Long before a movie can become riveting or provocative, it has to get made; and that, explains Matthew Levandoski, is a laborious process.
“Probably the biggest thing about making movies, as far as time-consumption goes, is set-up. Like, so much set-up!”
Today, Levandoski has been dealing with even more set-up headaches than usual. He’s working as the cameraman on a comedy short directed by Mat Alano-Martin. The location they had planned to use suddenly became unavailable, but a buddy offered his house at the last minute.
“It’s like, we had one and then we didn’t have one, and now we have one again. And that’s kind of the beauty of making films here specifically in a smaller community like Bloomington — everyone just kind of steps up.”
More than any specific element of the local scenery or some tax incentive, it’s that friendly vibe Levandoski cites as the reason Bloomington is a viable place to make movies. Having grown up in a small town in Manitoba, Canada, the filmmaker eventually moved to Bloomington when his wife Jessica started grad school. They stayed.
“Grow where you’re planted. I know that’s a cliche, but that’s kind of my attitude wherever I am, and if I was living in Los Angeles or Manhattan, I would feel exactly the same way.”
Location, Location, Location
In Bloomington, Levandoski has found enough work on other people’s movies to keep financing his own. And last year, Jessica Levandoski co-founded the Middle Coast Film Festival, screening independent films from near and far.
Southern Indiana specifically I think is the heart of that joke, and the joke a lot of the time stems from the fact that people either make horror films or faith-based stuff, and I don’t want to make either.
“I think what Jess and Matt are doing is very smart,” says filmmaker John Yost. He is returning for Middle Coast’s second year for the screening of his new short.
“Having a really enjoyable, tight-scheduled festival that shows off local stuff and the folks they admire and would love to have in the state working on their films.”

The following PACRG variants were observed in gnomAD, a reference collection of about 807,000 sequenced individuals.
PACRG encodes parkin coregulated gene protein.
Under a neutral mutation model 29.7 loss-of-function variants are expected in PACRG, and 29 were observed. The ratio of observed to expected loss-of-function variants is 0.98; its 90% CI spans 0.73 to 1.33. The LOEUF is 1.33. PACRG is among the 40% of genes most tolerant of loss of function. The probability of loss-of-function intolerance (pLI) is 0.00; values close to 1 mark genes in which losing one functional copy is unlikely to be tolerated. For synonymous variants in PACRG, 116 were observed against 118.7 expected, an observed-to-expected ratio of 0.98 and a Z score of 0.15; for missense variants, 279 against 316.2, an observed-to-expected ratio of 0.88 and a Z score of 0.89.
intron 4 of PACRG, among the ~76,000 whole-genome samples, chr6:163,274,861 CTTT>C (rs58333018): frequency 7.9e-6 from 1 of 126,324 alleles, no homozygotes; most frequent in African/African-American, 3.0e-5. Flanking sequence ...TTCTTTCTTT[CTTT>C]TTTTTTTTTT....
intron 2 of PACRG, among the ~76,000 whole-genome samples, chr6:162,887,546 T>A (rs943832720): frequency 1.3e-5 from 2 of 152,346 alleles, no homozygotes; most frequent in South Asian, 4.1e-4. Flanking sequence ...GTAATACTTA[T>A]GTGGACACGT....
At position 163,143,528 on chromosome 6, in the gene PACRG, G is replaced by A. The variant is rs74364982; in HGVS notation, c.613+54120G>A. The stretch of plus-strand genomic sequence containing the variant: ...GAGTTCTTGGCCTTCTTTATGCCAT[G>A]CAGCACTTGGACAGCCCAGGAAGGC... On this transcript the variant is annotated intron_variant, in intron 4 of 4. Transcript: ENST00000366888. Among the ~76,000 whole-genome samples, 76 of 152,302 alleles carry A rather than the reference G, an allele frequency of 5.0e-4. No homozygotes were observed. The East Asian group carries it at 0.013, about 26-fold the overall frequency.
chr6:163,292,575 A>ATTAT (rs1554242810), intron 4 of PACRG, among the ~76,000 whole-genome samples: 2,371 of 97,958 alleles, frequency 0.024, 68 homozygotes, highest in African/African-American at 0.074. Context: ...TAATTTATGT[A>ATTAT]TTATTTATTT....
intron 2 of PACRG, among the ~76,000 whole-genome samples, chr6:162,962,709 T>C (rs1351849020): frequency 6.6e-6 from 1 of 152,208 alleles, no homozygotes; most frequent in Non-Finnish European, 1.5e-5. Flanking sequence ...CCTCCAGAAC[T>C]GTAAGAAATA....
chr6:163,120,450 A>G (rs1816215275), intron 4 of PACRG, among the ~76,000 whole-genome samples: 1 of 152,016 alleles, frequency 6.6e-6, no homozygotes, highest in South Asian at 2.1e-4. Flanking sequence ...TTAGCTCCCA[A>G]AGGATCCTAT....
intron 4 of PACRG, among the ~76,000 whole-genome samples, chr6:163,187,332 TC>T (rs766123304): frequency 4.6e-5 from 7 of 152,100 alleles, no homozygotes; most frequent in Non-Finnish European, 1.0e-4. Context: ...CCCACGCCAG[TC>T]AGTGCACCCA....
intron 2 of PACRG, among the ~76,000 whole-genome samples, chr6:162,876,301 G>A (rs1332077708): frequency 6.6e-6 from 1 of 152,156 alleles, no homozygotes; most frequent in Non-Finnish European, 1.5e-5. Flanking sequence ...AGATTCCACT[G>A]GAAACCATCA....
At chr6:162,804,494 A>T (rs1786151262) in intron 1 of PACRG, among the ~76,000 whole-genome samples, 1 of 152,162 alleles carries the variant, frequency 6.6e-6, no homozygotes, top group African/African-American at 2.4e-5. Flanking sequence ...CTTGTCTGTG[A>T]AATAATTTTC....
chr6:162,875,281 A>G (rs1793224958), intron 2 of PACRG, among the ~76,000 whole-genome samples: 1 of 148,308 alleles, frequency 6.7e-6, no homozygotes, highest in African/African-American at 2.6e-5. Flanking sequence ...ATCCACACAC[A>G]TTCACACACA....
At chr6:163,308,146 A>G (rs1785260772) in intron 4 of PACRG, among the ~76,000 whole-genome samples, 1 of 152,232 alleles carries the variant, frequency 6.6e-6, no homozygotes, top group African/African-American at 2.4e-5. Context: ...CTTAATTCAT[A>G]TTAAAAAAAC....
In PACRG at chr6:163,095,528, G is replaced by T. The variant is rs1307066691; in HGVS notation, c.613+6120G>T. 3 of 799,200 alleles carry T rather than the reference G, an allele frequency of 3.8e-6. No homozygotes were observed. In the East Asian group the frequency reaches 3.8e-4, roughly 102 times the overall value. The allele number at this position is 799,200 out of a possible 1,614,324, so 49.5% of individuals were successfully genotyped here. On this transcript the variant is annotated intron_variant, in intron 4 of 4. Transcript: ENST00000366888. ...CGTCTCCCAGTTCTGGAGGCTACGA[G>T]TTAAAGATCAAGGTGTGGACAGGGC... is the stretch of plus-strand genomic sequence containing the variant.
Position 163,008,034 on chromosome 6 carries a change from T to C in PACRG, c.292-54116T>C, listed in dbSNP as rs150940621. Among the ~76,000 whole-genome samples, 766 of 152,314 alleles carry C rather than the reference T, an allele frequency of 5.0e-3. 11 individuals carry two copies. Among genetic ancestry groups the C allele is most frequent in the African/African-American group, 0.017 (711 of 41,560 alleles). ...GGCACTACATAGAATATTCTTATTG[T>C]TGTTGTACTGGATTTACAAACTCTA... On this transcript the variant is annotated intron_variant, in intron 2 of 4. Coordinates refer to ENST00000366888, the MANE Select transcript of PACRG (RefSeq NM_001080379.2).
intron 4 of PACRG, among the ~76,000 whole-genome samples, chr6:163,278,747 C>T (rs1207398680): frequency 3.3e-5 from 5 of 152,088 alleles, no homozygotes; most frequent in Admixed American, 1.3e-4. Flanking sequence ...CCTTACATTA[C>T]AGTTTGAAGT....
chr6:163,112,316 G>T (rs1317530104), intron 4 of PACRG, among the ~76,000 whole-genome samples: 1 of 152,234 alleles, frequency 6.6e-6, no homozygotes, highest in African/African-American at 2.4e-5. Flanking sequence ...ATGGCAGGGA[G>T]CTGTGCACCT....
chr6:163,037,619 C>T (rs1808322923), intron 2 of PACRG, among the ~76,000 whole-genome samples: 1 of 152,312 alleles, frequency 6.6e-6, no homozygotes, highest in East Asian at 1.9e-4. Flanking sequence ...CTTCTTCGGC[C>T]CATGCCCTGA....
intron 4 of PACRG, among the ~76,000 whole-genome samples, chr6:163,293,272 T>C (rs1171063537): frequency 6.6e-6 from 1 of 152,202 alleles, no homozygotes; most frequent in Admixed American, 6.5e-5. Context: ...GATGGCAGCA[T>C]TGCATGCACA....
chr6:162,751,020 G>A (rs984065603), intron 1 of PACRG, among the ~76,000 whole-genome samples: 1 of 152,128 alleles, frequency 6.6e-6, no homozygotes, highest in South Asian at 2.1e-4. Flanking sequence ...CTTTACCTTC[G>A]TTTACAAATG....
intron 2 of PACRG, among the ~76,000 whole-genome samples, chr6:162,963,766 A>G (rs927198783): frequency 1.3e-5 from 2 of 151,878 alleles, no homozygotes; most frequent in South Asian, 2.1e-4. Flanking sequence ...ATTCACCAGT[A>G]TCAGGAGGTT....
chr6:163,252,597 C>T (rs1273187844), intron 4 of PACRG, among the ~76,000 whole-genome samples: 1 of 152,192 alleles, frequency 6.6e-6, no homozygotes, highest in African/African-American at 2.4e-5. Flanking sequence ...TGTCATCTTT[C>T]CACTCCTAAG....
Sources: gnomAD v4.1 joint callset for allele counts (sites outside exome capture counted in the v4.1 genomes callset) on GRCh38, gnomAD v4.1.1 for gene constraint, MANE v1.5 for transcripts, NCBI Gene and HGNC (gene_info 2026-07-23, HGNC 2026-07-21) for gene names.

Folks like Yost, for example. The New York-based filmmaker came to Bloomington for the first time in 2014 for the screening of his feature White Creek at the first Middle Coast.
“Being there for four or five days and feeling at home in that space, a lot of things clicked.” It didn’t take long for Yost to decide to make his next picture in Indiana.
He found out that Indiana’s scenery would provide the perfect setting for what he’s calling his psychedelic road trip film.
“I was like, I need dunes by water. They’re like, the dunes, the park up on the Great Lakes. I need this forest, and this kind of thing, and they’re like this amazing forest south, and I need the college campus, and I need this, and the other thing she’s like check, check, check.”
Even the feeling of the summer night matched the tone he is hoping to strike in the film.
“We were driving in late, and just the sound of the insects in the night, driving that stretch from Indianapolis to Bloomington, was really kind of cool.”
Creating A Culture Of Film
But it wasn’t Indiana’s forests or cicadas that ultimately convinced Yost to shoot his next film here, rather, something more intangible.
“I’m getting this vibe that Indiana wants filmmakers to come to the state. In my experience, feeling good about a place mixed with enthusiasm from folks that want to help you make a film, then that’s where you go and make a film.”
And not necessarily because of the location’s serviceability as some cliché of the Heartland. The perfect setting for movies like Footloose, say, or Children of the Corn.
“Southern Indiana specifically I think is the heart of that joke,” says Levandoski, “and the joke a lot of the time stems from the fact that people either make horror films or faith-based stuff, and I don’t want to make either.”
The movie Levandoski is shooting today isn’t set in a cornfield, a barn, or a church, but on the front steps of a typical house in a Bloomington subdivision. It’s the location they came up with at the last minute, but it works.